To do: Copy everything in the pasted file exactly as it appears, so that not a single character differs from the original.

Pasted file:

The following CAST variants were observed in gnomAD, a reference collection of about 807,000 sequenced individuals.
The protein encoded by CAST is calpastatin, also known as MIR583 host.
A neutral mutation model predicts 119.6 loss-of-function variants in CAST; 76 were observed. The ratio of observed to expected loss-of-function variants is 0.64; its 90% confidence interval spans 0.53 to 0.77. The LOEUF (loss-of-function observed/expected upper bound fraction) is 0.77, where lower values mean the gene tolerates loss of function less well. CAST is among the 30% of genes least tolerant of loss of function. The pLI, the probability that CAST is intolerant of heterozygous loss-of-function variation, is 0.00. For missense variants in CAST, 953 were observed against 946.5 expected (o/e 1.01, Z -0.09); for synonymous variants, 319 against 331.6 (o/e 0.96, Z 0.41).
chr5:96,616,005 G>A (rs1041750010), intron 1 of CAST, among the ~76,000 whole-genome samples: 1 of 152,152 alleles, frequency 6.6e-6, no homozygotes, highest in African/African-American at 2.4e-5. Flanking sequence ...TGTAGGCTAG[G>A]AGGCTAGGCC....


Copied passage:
The following CAST variants were observed in gnomAD, a reference collection of about 807,000 sequenced individuals.
The protein encoded by CAST is calpastatin, also known as MIR583 host.
A neutral mutation model predicts 119.6 loss-of-function variants in CAST; 76 were observed. The ratio of observed to expected loss-of-function variants is 0.64; its 90% confidence interval spans 0.53 to 0.77. The LOEUF (loss-of-function observed/expected upper bound fraction) is 0.77, where lower values mean the gene tolerates loss of function less well. CAST is among the 30% of genes least tolerant of loss of function. The pLI, the probability that CAST is intolerant of heterozygous loss-of-function variation, is 0.00. For missense variants in CAST, 953 were observed against 946.5 expected (o/e 1.01, Z -0.09); for synonymous variants, 319 against 331.6 (o/e 0.96, Z 0.41).
chr5:96,616,005 G>A (rs1041750010), intron 1 of CAST, among the ~76,000 whole-genome samples: 1 of 152,152 alleles, frequency 6.6e-6, no homozygotes, highest in African/African-American at 2.4e-5. Flanking sequence ...TGTAGGCTAG[G>A]AGGCTAGGCC....